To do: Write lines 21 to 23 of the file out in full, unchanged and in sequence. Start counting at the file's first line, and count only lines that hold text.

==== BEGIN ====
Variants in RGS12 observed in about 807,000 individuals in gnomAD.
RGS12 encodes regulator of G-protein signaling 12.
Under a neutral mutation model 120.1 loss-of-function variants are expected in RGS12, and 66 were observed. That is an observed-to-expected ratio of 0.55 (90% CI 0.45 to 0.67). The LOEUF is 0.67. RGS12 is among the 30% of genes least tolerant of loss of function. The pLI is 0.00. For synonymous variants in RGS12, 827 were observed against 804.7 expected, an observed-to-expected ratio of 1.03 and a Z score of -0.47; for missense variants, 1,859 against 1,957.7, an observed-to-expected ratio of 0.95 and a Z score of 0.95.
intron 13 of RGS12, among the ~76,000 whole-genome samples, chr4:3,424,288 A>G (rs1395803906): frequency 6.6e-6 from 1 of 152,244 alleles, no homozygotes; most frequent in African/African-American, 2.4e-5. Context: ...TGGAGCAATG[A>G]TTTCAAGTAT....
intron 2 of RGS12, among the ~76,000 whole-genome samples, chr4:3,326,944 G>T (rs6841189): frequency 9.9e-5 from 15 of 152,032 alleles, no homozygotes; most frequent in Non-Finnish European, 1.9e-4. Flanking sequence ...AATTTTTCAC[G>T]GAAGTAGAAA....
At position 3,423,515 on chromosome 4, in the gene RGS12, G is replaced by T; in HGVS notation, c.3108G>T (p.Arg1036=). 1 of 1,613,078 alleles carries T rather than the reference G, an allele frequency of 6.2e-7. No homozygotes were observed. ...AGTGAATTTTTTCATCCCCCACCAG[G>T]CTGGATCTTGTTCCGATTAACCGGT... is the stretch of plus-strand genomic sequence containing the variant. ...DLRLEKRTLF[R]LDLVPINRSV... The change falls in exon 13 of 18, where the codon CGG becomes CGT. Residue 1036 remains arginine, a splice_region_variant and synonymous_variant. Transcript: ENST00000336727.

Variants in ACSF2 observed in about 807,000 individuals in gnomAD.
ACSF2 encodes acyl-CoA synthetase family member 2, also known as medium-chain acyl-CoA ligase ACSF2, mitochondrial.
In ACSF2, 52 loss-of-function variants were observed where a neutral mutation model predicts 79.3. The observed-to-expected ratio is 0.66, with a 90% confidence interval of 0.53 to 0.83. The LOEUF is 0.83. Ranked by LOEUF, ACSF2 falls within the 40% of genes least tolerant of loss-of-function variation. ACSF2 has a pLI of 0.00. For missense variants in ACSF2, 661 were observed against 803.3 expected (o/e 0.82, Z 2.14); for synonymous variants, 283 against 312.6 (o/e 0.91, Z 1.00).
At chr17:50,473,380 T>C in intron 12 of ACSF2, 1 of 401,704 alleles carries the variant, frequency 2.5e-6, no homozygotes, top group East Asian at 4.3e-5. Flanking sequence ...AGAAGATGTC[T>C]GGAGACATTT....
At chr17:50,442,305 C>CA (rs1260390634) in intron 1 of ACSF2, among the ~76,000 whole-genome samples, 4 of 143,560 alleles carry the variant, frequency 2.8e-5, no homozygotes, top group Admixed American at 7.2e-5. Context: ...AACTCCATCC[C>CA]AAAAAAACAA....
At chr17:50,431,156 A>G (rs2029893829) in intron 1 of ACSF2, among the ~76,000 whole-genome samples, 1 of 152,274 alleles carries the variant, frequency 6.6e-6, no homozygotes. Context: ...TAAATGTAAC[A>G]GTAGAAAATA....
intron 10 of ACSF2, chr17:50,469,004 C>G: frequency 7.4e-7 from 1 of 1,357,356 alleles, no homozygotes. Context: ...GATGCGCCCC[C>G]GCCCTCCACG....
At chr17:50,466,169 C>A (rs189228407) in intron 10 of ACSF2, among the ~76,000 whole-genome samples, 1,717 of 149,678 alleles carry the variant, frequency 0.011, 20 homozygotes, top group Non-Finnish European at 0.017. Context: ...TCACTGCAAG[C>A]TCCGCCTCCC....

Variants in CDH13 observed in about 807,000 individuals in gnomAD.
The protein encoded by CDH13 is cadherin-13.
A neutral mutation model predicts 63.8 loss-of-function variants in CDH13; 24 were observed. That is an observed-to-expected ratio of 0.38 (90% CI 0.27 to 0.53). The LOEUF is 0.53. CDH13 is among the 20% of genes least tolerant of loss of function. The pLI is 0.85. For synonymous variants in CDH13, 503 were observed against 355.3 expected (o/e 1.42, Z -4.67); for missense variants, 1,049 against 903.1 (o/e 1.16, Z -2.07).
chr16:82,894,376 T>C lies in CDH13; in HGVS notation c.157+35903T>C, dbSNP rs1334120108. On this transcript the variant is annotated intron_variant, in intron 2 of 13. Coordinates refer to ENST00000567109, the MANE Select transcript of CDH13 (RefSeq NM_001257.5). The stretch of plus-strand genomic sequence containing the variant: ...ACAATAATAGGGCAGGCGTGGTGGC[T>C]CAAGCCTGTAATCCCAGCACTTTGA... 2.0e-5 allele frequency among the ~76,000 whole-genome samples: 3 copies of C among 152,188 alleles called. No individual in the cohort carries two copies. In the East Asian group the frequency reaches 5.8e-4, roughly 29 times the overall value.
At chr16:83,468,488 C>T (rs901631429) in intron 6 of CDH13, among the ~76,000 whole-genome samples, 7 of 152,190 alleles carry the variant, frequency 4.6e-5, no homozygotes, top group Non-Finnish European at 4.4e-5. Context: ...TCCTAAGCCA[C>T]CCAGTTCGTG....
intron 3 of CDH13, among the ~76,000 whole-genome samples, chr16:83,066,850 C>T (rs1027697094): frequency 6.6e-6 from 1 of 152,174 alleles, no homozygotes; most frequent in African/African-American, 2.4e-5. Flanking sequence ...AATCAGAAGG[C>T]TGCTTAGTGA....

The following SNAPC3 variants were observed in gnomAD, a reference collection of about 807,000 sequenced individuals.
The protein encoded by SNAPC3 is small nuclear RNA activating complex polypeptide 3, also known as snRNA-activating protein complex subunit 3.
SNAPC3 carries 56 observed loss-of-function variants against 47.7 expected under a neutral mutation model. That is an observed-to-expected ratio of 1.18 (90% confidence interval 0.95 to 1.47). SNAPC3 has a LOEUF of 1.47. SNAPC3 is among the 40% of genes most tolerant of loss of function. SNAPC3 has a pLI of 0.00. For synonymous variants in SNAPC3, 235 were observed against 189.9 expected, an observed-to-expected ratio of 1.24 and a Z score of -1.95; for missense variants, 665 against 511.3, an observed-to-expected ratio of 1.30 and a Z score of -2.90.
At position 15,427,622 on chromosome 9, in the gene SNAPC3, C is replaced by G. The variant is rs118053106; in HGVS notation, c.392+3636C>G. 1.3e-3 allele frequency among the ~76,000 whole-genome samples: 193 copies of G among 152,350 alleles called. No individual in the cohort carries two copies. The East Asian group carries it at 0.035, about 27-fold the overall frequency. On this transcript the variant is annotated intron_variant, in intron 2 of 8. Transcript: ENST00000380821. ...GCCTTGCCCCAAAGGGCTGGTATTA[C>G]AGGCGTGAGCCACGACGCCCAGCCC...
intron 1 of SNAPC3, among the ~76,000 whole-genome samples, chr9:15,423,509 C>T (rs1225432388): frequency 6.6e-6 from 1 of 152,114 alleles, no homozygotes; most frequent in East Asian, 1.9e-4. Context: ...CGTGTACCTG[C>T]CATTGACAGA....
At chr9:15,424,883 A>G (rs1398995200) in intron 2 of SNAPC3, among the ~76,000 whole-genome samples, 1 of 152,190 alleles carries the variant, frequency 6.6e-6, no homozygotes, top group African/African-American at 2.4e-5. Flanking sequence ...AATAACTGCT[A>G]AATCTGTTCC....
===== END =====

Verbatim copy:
The following SNAPC3 variants were observed in gnomAD, a reference collection of about 807,000 sequenced individuals.
The protein encoded by SNAPC3 is small nuclear RNA activating complex polypeptide 3, also known as snRNA-activating protein complex subunit 3.
SNAPC3 carries 56 observed loss-of-function variants against 47.7 expected under a neutral mutation model. That is an observed-to-expected ratio of 1.18 (90% confidence interval 0.95 to 1.47). SNAPC3 has a LOEUF of 1.47. SNAPC3 is among the 40% of genes most tolerant of loss of function. SNAPC3 has a pLI of 0.00. For synonymous variants in SNAPC3, 235 were observed against 189.9 expected, an observed-to-expected ratio of 1.24 and a Z score of -1.95; for missense variants, 665 against 511.3, an observed-to-expected ratio of 1.30 and a Z score of -2.90.